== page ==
National Museum exhibit celebrates Day of the Dead

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National Museum exhibit celebrates Day of the Dead

From left, Bruno Figueroa, ambassador of Mexico to Korea, Bae Ki-dong, director of the National Museum of Korea, Juan Ignacio Morro Villacian, ambassador of Spain to Korea and other guests view "Mexico's Day of the Dead Offering" exhibition at the museum in central Seoul on Oct. 30. [PARK SANG-MOON]

From left, Bruno Figueroa, ambassador of Mexico to Korea, Bae Ki-dong, director of the National Museum of Korea, Juan Ignacio Morro Villacian, ambassador of Spain to Korea and other guests view "Mexico's Day of the Dead Offering" exhibition at the museum in central Seoul on Oct. 30. [PARK SANG-MOON]

Open through the coming weekend at the National Museum of Korea is one of the largest-ever ofrendas, or offerings, in Korea to commemorate the Day of the Dead of Mexico.
 
“It is an honor for us to showcase at the museum for the first time part of the traditions of the Day of the Dead, which has been proclaimed as an Intangible Cultural Heritage by Unesco since 2003,” said Bruno Figueroa, ambassador of Mexico to Korea, at the opening ceremony of the Day of the Dead exhibition at the museum in central Seoul on Oct. 30.
 
“For Mexicans, the Day of the Dead, despite the solemnity that the title evokes, is actually a celebration of life,” he said. “It is an opportunity to meet again, to pay homage to those who are no longer with us and even to hold festivities.”
 
The Day of the Dead is celebrated for several days beginning Oct. 31, when the deceased children are remembered. On Nov. 1, the deceased adults are honored. Families set up the ofrendas to invite the souls to their homes.  
 
Though each family can design their ofrendas as they wish, they always hold objects that the deceased relatives loved — it could be toys for the little ones, a favorite brand of alcoholic drink or dishes of comfort food — along with their photos.  
 
Photos of the first Korean immigrants to Mexico’s Yucatan in 1905, and of distinguished Mexicans who passed away this year, including the writer Amparo Dávila, the Nobel-laureate scientist Mario Molina and the filmmaker Paul Leduc, have been placed on the altar at the museum.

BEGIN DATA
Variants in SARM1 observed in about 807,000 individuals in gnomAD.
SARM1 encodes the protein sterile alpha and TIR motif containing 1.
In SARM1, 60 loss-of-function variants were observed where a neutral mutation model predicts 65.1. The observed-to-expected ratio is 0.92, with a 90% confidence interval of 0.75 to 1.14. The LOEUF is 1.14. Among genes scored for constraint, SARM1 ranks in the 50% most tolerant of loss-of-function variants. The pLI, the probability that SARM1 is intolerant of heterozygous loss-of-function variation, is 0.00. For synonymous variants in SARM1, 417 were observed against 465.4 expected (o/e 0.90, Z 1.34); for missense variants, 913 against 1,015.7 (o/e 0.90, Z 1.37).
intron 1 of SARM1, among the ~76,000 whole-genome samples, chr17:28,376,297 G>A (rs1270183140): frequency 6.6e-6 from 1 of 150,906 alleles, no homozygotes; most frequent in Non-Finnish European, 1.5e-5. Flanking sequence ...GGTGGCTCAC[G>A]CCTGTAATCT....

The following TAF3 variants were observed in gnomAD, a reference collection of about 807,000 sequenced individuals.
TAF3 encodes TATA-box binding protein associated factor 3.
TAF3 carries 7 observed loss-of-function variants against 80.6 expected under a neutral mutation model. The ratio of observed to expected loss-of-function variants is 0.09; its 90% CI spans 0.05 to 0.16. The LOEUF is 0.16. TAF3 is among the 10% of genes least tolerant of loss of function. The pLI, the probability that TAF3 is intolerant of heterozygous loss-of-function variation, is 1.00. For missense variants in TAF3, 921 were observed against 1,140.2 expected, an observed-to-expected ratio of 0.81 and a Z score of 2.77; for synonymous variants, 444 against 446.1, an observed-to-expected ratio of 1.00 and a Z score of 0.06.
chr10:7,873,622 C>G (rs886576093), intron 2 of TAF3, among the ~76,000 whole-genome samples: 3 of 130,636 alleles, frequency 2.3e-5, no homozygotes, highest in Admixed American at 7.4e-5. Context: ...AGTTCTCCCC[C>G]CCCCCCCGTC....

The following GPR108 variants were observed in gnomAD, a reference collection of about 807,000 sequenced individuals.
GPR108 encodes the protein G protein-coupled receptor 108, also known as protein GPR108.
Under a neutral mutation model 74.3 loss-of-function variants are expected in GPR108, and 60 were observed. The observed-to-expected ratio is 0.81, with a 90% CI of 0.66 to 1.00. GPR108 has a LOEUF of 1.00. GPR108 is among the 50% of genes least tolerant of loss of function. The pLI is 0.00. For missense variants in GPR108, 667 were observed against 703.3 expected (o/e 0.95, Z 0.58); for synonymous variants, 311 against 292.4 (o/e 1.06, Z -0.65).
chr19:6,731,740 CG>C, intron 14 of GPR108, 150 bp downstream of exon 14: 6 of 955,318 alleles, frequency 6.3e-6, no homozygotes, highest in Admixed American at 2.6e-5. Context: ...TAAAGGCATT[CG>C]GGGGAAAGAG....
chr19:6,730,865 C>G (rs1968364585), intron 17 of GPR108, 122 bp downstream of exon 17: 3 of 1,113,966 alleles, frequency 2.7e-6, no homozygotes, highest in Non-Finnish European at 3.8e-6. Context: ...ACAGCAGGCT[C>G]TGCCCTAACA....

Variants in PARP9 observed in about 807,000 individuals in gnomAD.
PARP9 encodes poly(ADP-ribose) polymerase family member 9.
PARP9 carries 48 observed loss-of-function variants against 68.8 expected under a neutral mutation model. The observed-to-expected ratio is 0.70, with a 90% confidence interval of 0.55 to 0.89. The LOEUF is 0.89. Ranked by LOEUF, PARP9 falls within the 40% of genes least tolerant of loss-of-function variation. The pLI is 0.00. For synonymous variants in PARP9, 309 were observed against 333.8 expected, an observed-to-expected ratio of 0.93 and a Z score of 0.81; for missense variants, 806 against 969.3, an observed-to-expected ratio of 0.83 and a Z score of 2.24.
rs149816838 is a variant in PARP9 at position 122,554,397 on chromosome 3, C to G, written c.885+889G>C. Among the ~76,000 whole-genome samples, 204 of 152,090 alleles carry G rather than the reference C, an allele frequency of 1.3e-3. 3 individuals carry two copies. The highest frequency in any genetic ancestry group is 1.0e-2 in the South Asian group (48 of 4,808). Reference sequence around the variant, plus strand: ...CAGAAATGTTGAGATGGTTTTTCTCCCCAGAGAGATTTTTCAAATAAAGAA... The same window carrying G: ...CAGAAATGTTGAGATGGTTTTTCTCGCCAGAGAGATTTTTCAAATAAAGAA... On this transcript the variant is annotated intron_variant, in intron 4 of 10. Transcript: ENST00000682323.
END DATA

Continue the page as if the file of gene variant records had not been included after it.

Photo of a group of Korean immigrants to Mexico in 1905, on the Day of the Dead offering exhibition at the National Museum of Korea. [ESTHER CHUNG]

Photo of a group of Korean immigrants to Mexico in 1905, on the Day of the Dead offering exhibition at the National Museum of Korea. [ESTHER CHUNG]

 
“In homes, the altar has great similarities with the table for the Korean ritual of ‘jesa,’ on which candles, food and drinks are arranged in honor of a deceased person,” Figueroa said. “There is no strict codification in the Mexican case: each offering will be different, although there are common elements in all of them [which can include] the use of some dark colors, candles as well as religious images and symbols like the cross.”
 
The ambassador added that also included generally are skulls or papier-mâché which stand as representations of death; bread baked especially for the occasion, which can be in a human image or be a round bread with sugar decorations shaped to resemble bones; a glass of water for the souls to quench their thirst in their journeys home and hereafter; and marigold flowers, known as cempasúchil.
 
A young flower vendor holds a bouquet of marigolds, the iconic Day of the Dead flower for Mexicans that is known as cempasuchil, at the Jamaica Market, in Mexico City on Oct. 29, [AP/YONHAP]

A young flower vendor holds a bouquet of marigolds, the iconic Day of the Dead flower for Mexicans that is known as cempasuchil, at the Jamaica Market, in Mexico City on Oct. 29, [AP/YONHAP]

“To remember that the arrival of souls is also a festival, in the offerings there are many colored flowers, and in particular the marigold flower which means in the Nahuatl language ‘one hundred flowers,’” Figueroa said.
 
The objects can also represent the four elements — earth, water, air and fire — following the beliefs from the Aztecs’ times.
 
“The papel picado shakes in the wind, representing the air,” said Veronica Gonzalez-Laporte, wife of Ambassador Figueroa. “The salt on the altar and the black fabric is linked to earth, the glass of water of course stands for water and the candles and the flowers represent the light, or the sun.”
 
Families also visit cemeteries at this time, to pray, sing and share the favorite food and drinks of their deceased families and friends. They also make rows and rows of petals of cempasúchil on the ground to guide their relatives' souls from the cemetery to their homes. 
 
“The museum deemed it quite timely and appropriate to host an exhibition showing a tradition of Mexico to honor the dead, because we are at an unexpected time of honoring the victims of Covid-19 pandemic all around the world,” said Bae Ki-dong, director the museum, in his address at the opening ceremony. “I hope that the exhibition will be visited by many Koreans for them to learn more about the Mexican way of thinking and honoring their dead.”
 
Due to the Covid-19 pandemic, the museum is operating on a reservation-only system for the exhibition. Reservations can be made at the museum’s website.  
 
Keeping to the day’s tradition of writing poems, which tend to poke fun about the living, Figueroa contributed the following poem, “2020, The year we lived dangerously,” for the Day of the Dead of 2020.
 
“I will spread Covid in two thousand and twenty,
Announced Death to sinful humanity,
And I will take you all to eternity.
People went crazy, succumbed to insanity;
Except the ambassadors, who kept their foolish dignity.  
You cannot take us, they chanted full of vanity,
Because we have diplomatic immunity!”
 
BY ESTHER CHUNG   [chung.juhee@joongang.co.kr]

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